AMA attempts to bring podiatrists to heel

4 minute read

The AMA wants to stamp out the practice of podiatrists referring to themselves as surgeons.

Thanks to new cosmetic surgery laws, only two types of Australian health professionals are allowed to call themselves a surgeon – doctors and podiatrists. If the AMA had its way, there would only be one.

In a new submission to an independent review of podiatric surgeons, the medical association made its feelings known.

“Podiatric surgery is the only form of human medical treatment where a person other than a doctor can take a scalpel and cut into a patient,” it said.

“Not only are they able to cut into a patient, a podiatric surgeon with no formal medical degree or surgical training (Fellowship of the Royal Australasian College of Surgeons – FRACS or equivalent) can then operate on bones, tendons, joints and undertake internal fixation with screws for example.”

They can even do joint replacements, the AMA said, adding “on a human” in parentheses.

According to the consultation paper, there are just 41 podiatrists in Australia with specialist registration as a podiatric surgeon, making up less than 1% of the profession.

They typically work in private hospitals or day procedure centres and treat conditions like bunions, hammer toes, painful corns, ingrown toenails and tendon or ligament pain.

The Australian College of Podiatric Surgeons has made a number of submissions to the Medical Services Advisory Committee in the past, requesting to be allowed to bill to Medicare. So far, all attempts have been rejected.

Despite their small number, podiatric surgeons generate a lot of complaints – they have a notification rate eight times higher than that of other podiatrists.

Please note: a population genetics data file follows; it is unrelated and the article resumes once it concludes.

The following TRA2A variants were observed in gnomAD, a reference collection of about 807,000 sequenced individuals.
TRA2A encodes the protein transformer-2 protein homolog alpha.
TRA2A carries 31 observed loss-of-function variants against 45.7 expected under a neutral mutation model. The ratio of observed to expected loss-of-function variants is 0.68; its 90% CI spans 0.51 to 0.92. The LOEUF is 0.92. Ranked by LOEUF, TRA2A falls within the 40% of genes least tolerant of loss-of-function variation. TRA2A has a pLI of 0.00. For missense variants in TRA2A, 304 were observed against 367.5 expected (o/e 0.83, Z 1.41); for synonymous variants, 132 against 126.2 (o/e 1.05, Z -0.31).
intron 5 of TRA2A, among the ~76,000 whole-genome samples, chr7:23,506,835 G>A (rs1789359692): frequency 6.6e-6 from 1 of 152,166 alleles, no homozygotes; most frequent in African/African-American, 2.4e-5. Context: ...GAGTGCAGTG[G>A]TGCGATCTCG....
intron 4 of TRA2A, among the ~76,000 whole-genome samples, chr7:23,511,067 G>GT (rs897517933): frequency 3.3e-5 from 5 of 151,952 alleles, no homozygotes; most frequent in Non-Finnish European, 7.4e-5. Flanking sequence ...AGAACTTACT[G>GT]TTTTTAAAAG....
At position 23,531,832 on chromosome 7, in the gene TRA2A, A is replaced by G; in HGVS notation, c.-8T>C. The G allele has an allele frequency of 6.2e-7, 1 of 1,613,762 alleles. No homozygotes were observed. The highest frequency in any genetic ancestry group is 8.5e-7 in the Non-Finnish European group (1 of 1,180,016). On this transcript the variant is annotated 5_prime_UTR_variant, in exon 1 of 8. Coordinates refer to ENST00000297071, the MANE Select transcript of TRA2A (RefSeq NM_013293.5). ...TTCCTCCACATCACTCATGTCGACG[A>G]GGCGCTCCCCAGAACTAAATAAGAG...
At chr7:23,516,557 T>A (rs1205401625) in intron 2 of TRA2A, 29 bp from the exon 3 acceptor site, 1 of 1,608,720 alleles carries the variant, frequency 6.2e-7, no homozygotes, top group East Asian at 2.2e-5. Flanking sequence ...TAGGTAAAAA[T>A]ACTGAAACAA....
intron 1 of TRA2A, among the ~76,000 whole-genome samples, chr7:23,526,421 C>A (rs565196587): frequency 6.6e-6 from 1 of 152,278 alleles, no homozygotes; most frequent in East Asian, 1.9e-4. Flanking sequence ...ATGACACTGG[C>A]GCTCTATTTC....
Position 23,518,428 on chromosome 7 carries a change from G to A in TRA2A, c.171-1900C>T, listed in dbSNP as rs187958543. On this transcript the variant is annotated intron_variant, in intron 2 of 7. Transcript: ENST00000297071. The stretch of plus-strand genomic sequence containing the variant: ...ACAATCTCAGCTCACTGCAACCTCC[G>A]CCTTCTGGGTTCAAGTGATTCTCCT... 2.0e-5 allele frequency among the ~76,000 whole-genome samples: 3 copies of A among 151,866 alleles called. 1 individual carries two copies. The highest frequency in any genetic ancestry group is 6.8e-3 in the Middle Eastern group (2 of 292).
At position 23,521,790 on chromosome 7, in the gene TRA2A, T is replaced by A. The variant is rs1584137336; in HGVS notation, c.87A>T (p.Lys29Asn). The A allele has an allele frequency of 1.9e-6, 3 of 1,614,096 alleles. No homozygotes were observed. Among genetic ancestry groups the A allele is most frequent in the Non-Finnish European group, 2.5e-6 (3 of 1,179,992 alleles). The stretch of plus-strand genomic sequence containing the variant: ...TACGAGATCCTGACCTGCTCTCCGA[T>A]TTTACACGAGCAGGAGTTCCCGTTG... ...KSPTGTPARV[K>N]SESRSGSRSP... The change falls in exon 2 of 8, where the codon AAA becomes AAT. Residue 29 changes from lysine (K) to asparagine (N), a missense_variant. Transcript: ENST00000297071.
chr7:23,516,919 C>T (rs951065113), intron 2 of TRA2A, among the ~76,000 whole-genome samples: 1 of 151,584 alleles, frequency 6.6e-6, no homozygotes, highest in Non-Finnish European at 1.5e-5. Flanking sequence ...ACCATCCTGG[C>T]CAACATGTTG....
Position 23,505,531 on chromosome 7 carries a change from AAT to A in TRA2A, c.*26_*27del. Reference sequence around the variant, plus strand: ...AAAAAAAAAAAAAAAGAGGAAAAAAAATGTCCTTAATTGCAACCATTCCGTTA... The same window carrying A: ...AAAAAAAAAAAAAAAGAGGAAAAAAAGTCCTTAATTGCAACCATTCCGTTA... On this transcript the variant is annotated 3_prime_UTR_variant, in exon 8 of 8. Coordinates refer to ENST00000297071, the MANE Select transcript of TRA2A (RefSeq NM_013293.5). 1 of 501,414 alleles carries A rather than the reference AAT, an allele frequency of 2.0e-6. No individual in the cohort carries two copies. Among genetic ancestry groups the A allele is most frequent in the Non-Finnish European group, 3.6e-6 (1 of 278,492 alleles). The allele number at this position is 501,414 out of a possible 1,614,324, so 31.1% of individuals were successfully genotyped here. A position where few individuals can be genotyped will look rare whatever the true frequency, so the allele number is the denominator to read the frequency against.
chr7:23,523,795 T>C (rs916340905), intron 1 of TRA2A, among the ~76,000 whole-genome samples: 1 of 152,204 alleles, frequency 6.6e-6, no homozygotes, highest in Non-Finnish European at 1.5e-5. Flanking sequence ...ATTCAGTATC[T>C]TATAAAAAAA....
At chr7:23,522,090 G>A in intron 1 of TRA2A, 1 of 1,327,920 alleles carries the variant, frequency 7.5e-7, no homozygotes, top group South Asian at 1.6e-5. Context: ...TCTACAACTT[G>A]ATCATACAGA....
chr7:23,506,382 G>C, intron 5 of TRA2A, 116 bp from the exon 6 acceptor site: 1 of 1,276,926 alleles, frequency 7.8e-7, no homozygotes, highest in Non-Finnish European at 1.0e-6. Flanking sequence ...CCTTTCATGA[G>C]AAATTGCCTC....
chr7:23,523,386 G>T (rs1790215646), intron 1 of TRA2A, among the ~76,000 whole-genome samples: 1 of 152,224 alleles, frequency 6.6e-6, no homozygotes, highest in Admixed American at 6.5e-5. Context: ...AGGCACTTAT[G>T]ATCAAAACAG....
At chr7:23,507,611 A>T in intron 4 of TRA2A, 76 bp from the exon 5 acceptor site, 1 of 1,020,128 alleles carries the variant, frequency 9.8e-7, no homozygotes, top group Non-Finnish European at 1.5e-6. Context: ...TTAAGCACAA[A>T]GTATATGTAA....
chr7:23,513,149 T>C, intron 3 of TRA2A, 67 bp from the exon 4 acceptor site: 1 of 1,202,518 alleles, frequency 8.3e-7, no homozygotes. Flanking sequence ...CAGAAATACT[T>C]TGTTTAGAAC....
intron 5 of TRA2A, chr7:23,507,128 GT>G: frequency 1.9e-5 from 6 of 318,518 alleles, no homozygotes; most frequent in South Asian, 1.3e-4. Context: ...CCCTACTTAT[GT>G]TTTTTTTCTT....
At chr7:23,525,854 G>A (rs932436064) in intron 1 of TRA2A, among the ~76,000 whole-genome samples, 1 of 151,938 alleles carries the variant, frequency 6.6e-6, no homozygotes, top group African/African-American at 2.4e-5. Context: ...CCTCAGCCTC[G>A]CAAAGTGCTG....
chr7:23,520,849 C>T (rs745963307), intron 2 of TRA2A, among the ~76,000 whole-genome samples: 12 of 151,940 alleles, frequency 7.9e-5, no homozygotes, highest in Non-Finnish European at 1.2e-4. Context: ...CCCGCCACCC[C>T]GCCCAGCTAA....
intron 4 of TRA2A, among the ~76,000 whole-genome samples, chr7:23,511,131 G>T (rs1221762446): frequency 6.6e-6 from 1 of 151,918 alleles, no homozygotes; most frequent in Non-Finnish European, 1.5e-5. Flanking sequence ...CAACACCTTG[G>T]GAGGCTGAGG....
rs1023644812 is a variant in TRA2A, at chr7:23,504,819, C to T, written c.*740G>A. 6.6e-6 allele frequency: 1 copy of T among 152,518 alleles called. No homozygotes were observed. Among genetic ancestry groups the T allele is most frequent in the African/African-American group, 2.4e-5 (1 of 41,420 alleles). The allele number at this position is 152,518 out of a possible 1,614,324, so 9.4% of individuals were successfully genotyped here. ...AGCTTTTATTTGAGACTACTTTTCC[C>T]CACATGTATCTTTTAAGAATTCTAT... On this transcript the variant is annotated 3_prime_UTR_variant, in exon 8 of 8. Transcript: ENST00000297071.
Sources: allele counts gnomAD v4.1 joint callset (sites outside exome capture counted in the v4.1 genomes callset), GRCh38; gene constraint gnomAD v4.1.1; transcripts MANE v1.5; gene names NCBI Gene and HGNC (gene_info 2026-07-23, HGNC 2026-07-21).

Common concerns include inadequate or inappropriate treatments, incorrect diagnoses and billing practices.

The core of the AMA’s gripe is that patients may read the title “surgeon” and assume they’re dealing with a medical doctor who has completed training in a surgical specialty.

“For example, a consumer presenting to a health care professional for a bunion that requires surgery could see a podiatrist who does surgery or an orthopaedic surgeon,” the association said.

“Allowing the podiatrist to call themselves a surgeon could suggest to the consumer that the podiatrist and the orthopaedic surgeon have equivalent qualifications as they can both use the title surgeon.”

Earlier this year, the AMA campaigned in support of restricting surgeon as a title, after a string of mainstream media reports exposed poor clinical practices in the cosmetic surgery industry by doctors who had not completed accredited post-graduate surgical training.

Now, only doctors who hold fellowship with the Royal Australasian College of Surgeons, the Royal Australian and New Zealand College of Ophthalmology or the Royal Australian and New Zealand College of Obstetrics and Gynaecology can legally use the title of surgeon.

“There is always the potential for significant harm associated with the practice of surgery, and patients should be able to rely on the fact that a practitioner who uses the title surgeon is a medical practitioner who has had formal surgical training and remains a fellow of a surgical college,” the AMA said.

The peak body for podiatric surgeons, the Australasian College of Podiatric Surgeons, has not published its submission to the independent review on its site, but president Dr Robert Hermann did pen a response to an AMA media release on the topic of restricting the surgeon title. 

It was, he said, “another example of culturally embedded medical dominance under the guise of this public safety rhetoric”.

“For 43 years, the ACPS has provided efficient, cost effective and safe care for the Australian community,” Dr Hermann said.

“This commitment to fulfilling the college’s values of service, integrity, respect, compassion and collaboration is met with continual public misinformation and negative criticism by some influential sectors within the medical profession.”

ACPS, he said, remained open to collaboration with the medical profession.

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